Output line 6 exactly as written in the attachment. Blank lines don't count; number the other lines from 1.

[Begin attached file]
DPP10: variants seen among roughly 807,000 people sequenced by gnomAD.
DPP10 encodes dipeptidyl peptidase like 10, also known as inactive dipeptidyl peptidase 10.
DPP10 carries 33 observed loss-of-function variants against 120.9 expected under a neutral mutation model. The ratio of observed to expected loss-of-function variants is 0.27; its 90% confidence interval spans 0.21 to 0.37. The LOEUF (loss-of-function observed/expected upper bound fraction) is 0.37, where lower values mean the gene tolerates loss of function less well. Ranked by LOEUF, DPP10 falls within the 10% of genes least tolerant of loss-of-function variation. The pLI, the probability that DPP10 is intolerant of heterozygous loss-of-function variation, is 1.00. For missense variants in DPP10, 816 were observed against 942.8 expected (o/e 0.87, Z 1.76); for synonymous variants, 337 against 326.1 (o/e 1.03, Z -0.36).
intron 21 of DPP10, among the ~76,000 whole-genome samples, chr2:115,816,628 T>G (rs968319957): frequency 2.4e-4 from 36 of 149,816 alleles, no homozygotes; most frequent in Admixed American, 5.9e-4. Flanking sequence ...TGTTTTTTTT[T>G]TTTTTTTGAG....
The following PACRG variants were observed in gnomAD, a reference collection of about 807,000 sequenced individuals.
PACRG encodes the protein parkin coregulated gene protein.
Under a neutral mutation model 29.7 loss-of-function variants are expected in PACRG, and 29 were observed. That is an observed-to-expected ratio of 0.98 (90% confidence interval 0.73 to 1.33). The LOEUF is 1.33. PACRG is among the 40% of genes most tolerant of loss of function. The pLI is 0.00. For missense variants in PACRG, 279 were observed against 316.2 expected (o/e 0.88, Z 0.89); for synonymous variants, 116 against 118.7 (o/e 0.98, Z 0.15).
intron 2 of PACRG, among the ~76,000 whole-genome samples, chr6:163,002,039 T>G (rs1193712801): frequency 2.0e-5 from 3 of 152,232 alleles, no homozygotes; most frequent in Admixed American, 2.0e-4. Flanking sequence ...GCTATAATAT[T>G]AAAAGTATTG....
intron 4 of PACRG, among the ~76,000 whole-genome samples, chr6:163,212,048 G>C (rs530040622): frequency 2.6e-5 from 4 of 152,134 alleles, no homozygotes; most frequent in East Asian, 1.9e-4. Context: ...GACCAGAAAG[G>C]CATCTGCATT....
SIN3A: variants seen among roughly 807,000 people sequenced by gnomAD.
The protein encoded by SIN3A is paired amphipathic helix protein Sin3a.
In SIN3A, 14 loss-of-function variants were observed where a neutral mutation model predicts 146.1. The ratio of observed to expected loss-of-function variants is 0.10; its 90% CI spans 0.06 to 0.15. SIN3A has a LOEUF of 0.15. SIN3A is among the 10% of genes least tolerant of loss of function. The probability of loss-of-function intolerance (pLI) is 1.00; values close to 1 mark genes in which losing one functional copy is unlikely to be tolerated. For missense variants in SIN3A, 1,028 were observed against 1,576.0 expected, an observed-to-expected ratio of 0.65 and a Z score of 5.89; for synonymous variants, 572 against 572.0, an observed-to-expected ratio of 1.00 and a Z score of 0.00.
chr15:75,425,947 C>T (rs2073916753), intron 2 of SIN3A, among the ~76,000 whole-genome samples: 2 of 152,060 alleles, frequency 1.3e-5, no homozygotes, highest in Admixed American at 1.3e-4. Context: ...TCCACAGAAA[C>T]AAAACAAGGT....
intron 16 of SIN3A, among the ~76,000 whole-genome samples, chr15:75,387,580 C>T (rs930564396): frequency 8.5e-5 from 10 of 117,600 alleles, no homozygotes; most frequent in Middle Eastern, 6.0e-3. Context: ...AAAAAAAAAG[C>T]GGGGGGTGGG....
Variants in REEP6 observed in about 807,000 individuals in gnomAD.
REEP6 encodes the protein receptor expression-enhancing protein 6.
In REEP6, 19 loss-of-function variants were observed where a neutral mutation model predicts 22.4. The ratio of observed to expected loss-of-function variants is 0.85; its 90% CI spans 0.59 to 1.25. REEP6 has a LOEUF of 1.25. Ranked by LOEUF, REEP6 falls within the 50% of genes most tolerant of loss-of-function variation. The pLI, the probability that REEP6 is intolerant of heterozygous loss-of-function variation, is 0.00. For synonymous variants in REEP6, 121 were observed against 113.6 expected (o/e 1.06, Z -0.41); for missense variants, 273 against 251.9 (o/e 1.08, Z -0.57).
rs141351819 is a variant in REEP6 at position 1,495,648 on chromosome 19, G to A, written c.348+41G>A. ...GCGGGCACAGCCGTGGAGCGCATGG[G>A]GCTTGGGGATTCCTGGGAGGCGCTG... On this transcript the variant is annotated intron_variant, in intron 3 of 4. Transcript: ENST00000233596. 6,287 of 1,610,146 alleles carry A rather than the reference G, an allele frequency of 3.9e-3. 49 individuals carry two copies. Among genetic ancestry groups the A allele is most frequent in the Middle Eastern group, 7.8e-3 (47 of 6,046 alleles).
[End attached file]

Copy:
PACRG encodes the protein parkin coregulated gene protein.